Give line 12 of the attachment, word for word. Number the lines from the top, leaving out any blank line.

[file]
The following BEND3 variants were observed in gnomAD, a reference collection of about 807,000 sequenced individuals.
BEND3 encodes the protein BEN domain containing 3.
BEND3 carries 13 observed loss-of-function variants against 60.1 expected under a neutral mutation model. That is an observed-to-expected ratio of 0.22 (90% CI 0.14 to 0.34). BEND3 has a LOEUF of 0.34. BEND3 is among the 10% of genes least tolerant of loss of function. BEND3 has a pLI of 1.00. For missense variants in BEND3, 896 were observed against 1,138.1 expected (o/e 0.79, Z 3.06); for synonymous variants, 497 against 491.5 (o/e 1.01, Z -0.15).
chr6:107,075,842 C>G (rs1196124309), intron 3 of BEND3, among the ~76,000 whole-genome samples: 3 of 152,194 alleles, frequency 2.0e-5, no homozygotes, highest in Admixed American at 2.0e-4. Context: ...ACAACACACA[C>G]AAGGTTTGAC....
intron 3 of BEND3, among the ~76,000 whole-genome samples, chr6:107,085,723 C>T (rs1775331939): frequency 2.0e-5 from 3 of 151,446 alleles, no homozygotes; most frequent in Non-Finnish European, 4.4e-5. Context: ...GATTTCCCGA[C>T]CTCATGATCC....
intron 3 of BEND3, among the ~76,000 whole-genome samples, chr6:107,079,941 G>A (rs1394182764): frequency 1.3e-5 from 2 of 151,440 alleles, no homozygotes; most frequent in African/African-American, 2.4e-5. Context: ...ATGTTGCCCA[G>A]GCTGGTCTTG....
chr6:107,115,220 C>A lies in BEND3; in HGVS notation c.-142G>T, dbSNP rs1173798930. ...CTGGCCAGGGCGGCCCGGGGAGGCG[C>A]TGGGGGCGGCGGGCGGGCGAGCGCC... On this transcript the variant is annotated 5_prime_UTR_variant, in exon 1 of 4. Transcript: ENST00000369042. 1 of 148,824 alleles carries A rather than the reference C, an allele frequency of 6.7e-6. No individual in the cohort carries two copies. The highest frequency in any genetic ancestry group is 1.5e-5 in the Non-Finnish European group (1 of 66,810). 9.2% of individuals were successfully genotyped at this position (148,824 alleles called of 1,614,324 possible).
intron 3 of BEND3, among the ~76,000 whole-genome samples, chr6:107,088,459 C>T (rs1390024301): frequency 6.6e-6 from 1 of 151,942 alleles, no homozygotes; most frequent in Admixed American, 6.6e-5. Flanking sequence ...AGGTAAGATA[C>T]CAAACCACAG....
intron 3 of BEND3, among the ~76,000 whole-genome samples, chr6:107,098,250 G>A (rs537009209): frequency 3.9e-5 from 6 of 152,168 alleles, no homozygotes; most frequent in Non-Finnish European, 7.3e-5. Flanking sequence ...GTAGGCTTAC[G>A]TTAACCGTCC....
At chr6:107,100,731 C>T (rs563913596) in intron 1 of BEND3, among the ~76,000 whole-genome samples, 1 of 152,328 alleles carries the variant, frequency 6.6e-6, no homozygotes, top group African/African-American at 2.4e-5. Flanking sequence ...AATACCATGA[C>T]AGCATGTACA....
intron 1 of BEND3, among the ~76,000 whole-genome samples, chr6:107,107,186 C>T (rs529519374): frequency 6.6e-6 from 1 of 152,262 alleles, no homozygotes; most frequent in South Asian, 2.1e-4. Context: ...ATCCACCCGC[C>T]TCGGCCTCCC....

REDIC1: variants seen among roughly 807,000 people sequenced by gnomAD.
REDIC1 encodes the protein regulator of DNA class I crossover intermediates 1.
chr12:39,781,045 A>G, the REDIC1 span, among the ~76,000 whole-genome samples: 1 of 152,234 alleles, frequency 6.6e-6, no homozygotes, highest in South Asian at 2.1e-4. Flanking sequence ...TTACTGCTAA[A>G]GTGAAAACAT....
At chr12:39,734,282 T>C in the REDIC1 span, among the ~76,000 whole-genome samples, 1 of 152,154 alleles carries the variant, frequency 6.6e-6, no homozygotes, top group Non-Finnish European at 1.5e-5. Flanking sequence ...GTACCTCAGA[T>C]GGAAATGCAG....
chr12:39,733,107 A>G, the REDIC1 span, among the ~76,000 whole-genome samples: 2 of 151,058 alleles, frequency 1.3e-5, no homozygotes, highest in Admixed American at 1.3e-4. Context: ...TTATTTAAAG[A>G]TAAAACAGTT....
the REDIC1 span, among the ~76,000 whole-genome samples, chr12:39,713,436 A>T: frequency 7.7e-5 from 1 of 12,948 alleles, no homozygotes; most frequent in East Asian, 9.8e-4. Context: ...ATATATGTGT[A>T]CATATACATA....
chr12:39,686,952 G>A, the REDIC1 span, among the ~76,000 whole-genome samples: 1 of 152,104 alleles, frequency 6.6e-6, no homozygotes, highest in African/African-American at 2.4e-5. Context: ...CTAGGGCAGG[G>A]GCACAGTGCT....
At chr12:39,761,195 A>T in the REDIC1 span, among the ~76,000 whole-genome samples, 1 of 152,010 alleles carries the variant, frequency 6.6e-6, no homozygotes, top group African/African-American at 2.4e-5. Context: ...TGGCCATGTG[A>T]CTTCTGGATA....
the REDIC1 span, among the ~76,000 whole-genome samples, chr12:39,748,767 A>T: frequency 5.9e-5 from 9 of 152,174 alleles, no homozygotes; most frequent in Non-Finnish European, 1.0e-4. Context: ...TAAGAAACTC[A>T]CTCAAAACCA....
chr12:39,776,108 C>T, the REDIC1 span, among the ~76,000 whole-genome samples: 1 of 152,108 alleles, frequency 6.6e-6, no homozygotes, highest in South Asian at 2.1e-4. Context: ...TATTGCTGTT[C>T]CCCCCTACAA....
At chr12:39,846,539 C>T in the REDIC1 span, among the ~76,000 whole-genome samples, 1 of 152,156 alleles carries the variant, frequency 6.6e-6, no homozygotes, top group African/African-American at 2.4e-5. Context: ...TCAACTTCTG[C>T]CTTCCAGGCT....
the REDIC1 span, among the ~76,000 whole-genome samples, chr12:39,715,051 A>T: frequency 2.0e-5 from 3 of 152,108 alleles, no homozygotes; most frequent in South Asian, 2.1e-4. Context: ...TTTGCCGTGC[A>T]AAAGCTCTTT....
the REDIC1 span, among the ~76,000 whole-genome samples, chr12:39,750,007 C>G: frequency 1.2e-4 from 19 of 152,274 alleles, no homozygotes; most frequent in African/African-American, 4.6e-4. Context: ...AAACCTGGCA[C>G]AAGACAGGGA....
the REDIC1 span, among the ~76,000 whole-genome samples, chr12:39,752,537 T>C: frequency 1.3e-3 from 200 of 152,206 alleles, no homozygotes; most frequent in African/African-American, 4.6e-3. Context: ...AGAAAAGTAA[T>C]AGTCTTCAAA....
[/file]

REDIC1: variants seen among roughly 807,000 people sequenced by gnomAD.